The development and implementation of a national programme of Pre- Exposure Prophylaxis (PrEP) was a landmark development in realising the strategic vision of the National Sexual Health Strategy 2015 - 2020, which was to improve sexual health and well-being and reduce negative sexual health outcomes by ensuring that everyone living in Ireland has access to high quality sexual health information, education and services throughout their lives.
Wave 3 of the pandemic has further increased the strain on the health service. The unprecedented surge in Covid-19 infection rates has implications for staffing of all health services in terms of necessary redeployment of staff to urgent pandemic related duties including testing, vaccination, contact tracing and patient treatment.
Virtual clinics are held where possible, with attendance in person limited to appointment only. Service restrictions are predominantly due to social distancing requirements; waiting rooms can now only hold a fraction of patients compared to before the pandemic.
Phone lines, the GMHS website and other resources such as man2man.ie and sexual wellbeing.ie are regularly updated to reflect current service delivery and to signpost users to the HSE list of approved PrEP services.
Although services have been subject to some Covid-19 related restrictions, the national PrEP programme has continued to expand and over 2,000 individuals, mostly gay men, are currently registered on the national PrEP programme.
Routine STI testing, including HIV testing, is available for free through all 23 public STI services in Ireland. HIV testing is also provided to specific populations, such as those who inject drugs, homeless people, migrants and prisoners, and is included as part of the national antenatal screening programme for all pregnant women in Ireland. The latest report (2018) indicates an uptake of almost 100%.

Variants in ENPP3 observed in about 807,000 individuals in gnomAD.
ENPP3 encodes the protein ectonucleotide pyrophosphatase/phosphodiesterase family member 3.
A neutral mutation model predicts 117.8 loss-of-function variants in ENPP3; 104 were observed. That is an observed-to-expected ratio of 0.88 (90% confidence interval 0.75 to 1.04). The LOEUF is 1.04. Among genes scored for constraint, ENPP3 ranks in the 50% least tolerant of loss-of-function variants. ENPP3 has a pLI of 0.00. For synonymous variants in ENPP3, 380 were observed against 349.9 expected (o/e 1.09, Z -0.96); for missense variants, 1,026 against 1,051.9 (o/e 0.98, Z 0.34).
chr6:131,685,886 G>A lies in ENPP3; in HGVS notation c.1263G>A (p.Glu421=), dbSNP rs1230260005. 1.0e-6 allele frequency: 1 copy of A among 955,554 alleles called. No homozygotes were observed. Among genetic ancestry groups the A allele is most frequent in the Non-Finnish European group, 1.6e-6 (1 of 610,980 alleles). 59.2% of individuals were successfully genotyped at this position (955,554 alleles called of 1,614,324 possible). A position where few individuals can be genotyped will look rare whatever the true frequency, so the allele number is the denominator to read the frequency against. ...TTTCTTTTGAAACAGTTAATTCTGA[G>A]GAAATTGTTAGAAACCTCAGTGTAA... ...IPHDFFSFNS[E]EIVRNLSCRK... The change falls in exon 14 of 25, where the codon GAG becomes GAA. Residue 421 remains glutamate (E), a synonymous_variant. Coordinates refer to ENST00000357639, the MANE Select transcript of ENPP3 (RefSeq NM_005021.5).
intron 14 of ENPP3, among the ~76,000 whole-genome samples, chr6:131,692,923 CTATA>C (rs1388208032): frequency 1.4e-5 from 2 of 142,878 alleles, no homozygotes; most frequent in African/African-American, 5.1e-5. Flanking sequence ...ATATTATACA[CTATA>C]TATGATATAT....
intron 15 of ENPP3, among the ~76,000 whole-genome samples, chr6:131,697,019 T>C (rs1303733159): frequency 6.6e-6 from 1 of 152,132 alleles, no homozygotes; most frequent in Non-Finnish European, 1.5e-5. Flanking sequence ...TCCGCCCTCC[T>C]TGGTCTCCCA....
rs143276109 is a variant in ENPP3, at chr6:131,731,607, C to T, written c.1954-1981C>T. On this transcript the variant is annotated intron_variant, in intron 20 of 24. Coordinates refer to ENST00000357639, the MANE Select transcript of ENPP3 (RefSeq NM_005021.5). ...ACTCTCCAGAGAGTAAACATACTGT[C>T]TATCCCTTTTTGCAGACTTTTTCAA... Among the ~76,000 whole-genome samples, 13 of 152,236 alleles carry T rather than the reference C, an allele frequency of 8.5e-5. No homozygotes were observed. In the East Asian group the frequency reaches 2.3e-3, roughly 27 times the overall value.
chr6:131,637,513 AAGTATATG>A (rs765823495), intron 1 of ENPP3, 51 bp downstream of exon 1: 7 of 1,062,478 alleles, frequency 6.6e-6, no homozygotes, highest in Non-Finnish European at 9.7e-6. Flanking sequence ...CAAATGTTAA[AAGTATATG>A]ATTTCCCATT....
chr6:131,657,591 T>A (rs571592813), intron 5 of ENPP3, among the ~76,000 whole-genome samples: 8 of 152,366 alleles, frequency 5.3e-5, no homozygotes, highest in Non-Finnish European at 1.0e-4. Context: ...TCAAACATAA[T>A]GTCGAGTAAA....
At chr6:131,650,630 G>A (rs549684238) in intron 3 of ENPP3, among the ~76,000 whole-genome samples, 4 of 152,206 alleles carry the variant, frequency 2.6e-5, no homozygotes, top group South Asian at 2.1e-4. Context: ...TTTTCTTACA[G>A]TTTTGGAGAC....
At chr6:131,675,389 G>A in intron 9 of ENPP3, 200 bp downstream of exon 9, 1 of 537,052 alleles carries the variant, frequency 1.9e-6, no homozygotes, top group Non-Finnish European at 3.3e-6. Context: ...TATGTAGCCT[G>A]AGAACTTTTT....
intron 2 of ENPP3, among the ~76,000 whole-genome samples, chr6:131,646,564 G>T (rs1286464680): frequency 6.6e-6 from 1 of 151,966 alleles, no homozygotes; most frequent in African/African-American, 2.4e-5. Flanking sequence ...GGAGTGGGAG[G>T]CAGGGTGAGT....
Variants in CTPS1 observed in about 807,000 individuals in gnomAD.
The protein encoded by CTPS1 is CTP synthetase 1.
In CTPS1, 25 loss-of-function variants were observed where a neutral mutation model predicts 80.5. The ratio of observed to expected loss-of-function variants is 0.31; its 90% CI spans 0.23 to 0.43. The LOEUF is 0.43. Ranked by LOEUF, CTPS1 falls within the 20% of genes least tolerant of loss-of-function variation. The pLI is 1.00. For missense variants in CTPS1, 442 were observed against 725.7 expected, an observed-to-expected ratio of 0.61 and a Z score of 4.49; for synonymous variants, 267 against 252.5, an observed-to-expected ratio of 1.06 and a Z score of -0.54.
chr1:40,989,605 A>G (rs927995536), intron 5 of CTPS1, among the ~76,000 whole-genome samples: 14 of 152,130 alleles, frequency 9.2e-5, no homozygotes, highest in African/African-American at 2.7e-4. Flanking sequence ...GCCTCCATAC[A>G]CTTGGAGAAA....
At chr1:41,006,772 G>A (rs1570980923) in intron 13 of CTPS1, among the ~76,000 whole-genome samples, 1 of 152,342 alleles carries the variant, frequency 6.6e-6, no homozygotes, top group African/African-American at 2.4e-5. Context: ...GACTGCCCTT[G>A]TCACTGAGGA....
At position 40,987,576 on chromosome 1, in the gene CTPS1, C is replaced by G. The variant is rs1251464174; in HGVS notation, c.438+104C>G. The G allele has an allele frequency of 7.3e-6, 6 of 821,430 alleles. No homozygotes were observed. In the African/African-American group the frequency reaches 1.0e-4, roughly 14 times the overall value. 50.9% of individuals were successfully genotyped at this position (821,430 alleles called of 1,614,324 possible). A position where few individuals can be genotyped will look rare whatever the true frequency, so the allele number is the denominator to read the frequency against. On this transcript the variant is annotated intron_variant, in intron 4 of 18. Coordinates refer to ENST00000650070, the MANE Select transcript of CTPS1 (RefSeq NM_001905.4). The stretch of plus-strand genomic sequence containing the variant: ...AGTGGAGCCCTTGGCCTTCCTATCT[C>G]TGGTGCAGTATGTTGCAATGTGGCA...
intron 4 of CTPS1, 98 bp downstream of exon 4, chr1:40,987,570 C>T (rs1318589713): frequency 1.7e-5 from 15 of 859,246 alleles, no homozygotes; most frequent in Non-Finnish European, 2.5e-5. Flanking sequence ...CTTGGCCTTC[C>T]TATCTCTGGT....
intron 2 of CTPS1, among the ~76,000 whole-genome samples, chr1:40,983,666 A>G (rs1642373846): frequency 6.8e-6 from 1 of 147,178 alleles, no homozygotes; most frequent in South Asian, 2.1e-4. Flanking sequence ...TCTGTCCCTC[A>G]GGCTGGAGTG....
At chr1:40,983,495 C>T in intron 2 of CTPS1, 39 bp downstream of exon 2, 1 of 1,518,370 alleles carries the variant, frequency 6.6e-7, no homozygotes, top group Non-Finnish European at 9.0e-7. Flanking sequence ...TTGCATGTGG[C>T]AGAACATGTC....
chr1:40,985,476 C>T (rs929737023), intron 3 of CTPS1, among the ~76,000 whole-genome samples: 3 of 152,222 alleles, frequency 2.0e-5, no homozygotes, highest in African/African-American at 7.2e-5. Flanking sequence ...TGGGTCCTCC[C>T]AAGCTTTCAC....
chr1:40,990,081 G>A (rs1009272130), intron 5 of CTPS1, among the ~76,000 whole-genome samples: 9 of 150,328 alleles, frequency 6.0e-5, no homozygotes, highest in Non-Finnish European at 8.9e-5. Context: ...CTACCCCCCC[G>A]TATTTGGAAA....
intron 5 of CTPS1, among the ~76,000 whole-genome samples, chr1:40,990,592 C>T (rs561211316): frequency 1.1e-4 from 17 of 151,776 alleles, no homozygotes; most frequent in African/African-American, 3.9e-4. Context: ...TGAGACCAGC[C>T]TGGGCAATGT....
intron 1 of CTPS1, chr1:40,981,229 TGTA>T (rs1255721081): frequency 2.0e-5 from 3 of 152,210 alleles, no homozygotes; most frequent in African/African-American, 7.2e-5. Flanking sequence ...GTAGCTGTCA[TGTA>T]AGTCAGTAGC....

HIV testing is available in all hospitals and conducted where this is clinically indicated. Many emergency departments (EDs) offer HIV and hepatitis screening as part of an ED viral screening programme for anyone having bloods taken when they attend the ED.
The HSE is currently piloting a free home STI/HIV testing service, supported by the Sláintecare Integration Fund, in Dublin, Cork and Kerry. The first phase of tests were made available early January and additional tests will be made available over the coming months. Tests are being made available in a phased manner to ensure there is sufficient capacity in local clinics for service users who may need follow-up treatment or support.
All health services, including STI/HIV services are continuing to face service restrictions due to the current impact of Covid-19 on the hospital system and social distancing requirements. Public STI clinics are prioritising those with symptoms or requiring treatment, and this includes anyone who may be referred for confirmation HIV testing.
Student health services provide STI/HIV testing and STI treatment for their students at a subsidised rate, though some are currently providing testing for free to students, due to the service restrictions elsewhere. Home HIV and STI testing kits are also available to purchase in pharmacies.
In terms of the future direction of services, it is intended to review and refresh the National Sexual Health Strategy in 2021, taking into account the views of stakeholders. Funding remains in place for all current services, including the national PrEP programme; it is hoped that these vital services can return to being delivered to their full potential, and indeed, developed further, once it is possible to reduce the multiple pandemic related constraints on the health service as a whole.
As the topics raised are service matters, for additional operational updates, including the current status of HPV vaccinations, I have also asked the Health Service Executive to respond to the Deputy directly, as soon as possible.